The opening ceremony of the ‘Friendly Games’ had featured performances by schoolchildren and a Māori concert party. Next day, Canterbury runner Dick Tayler ensured the success of the Games with a surprise victory for the host nation in the 10,000 m track race.


A record one-day total of up to 84.8 mm of rain caused extensive surface flooding in the streets of Invercargill, Riverton, Ōtautau, Tūātapere and Bluff.


Faced with demands for revenge after 22 settlers were killed in an incident in the Wairau Valley, Governor Robert FitzRoy decided that Māori had been provoked by the unreasonable actions of the Europeans.


The 23-year-old Olympic 800-m champion hoped to run the first four-minute mile on New Zealand soil. In fact, he broke Australian Herb Elliott’s 3½-year-old world record by the smallest possible margin, 0.1 seconds.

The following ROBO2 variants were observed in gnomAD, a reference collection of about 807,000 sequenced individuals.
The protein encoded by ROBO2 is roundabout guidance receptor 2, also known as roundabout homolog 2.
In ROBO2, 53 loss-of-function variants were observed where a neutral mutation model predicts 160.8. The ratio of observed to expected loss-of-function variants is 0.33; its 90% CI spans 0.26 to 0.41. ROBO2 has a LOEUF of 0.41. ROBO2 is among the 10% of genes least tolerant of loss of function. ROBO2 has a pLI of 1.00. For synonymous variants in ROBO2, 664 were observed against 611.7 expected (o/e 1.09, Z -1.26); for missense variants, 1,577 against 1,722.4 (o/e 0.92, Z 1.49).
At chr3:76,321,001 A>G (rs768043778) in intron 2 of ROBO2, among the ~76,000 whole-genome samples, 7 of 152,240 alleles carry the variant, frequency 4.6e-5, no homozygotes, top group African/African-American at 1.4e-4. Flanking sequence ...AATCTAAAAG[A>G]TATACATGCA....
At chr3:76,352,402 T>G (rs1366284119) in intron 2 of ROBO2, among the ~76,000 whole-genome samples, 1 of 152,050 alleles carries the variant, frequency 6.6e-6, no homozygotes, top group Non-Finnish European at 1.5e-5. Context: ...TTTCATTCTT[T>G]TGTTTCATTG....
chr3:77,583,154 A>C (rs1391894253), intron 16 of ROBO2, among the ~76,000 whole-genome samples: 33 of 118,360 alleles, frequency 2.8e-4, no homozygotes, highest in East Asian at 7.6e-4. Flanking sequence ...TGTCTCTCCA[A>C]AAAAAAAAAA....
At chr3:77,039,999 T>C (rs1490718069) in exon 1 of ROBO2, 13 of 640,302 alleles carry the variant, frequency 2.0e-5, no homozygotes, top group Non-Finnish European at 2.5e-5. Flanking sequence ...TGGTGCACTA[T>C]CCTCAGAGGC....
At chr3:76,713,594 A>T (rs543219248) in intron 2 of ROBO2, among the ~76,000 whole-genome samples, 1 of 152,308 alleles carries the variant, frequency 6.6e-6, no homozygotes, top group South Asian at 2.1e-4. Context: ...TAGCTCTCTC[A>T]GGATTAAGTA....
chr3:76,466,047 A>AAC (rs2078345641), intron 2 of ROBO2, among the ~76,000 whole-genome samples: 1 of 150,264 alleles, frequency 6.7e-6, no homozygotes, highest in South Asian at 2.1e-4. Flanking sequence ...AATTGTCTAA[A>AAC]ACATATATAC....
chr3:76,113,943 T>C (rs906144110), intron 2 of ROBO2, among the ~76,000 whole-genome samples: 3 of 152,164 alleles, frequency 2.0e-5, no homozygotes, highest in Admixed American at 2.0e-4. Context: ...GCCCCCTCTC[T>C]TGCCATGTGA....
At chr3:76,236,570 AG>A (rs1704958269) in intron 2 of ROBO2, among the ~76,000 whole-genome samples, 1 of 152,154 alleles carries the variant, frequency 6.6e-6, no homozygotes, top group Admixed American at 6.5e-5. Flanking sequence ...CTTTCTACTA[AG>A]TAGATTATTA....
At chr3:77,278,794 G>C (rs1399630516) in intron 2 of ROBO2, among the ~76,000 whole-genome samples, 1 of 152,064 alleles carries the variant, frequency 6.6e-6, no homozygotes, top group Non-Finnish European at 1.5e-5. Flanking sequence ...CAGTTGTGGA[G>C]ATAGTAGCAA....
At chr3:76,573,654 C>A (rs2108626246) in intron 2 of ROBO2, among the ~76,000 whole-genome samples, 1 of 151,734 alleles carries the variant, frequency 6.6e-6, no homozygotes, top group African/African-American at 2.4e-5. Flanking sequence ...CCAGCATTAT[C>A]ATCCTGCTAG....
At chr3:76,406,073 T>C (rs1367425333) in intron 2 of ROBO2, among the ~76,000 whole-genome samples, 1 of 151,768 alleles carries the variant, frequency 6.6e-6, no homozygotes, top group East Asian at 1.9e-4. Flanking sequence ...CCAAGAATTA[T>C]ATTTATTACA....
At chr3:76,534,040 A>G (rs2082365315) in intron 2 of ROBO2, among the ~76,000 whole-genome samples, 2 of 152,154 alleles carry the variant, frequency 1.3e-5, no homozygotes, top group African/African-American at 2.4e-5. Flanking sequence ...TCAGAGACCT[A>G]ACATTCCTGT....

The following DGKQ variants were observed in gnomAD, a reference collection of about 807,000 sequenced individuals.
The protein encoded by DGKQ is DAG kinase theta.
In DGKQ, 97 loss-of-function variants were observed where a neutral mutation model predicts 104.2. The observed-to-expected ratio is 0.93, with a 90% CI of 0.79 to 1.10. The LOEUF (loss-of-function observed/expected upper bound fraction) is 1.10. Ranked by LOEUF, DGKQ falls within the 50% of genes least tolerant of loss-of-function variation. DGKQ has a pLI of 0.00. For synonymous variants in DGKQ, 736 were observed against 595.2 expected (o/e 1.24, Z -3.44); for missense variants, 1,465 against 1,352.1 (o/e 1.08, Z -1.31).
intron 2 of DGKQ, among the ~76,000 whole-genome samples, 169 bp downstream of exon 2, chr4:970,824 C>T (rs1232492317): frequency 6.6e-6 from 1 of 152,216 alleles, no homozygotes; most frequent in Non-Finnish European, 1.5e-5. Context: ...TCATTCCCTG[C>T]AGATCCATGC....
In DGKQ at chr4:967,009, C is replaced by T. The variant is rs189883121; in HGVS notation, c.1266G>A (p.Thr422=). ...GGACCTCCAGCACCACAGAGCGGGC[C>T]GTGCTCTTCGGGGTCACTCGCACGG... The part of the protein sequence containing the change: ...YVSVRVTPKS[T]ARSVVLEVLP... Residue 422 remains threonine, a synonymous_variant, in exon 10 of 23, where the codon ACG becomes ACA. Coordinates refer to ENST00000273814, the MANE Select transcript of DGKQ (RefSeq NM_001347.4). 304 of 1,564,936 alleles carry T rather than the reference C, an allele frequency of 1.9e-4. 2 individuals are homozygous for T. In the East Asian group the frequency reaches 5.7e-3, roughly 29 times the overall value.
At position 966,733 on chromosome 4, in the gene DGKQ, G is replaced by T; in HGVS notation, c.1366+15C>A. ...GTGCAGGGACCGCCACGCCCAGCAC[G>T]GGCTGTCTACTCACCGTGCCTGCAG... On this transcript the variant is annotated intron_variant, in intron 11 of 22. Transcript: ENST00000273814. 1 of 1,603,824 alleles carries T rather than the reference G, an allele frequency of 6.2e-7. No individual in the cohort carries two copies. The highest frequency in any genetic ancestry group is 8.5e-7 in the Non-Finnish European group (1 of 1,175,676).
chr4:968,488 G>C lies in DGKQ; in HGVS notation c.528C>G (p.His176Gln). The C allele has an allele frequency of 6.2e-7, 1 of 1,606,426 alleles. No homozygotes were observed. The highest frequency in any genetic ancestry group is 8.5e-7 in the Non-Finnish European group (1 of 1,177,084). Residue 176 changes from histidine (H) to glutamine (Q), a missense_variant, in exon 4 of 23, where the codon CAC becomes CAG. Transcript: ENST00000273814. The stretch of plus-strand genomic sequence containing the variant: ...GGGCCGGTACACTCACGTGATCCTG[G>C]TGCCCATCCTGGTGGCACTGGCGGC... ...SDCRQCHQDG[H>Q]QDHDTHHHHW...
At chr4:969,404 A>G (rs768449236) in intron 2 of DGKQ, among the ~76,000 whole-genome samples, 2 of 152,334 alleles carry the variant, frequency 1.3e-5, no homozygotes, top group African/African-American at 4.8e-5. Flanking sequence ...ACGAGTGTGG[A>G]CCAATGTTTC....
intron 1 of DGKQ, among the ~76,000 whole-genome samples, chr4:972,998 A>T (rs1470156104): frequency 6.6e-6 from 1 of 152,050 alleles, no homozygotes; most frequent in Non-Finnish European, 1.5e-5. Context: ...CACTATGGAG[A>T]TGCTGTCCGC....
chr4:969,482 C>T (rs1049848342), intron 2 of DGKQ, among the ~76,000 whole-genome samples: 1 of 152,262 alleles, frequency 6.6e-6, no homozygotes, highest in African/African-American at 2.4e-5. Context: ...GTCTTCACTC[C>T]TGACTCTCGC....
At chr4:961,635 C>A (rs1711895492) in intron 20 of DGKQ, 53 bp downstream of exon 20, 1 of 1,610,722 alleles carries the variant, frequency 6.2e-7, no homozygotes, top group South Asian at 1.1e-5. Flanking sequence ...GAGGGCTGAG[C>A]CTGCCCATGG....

Wellington blacksmith William Hardham served in South Africa with the fourth New Zealand contingent. He was the only New Zealander awarded a Victoria Cross during the South African War.


In a feat of navigational daring – and after several attempts – the French explorer Jules Sébastien César Dumont d’Urville sailed the Astrolabe from Tasman Bay through the narrow ‘French Pass’ into Admiralty Bay in the Marlborough Sounds.


Auckland’s Anniversary Day commemorates the arrival of Lieutenant-Governor William Hobson in the Bay of Islands in 1840.


A 1910 amendment to the Gaming Act banned bookmakers from New Zealand racecourses, other public places and hotels.


Piloted by Captain Euan Dickson, the first flight of the Canterbury Aviation Company’s new airmail service left Christchurch at 8 a.m., carrying several hundred letters to Ashburton and Timaru into the teeth of a south-westerly gale.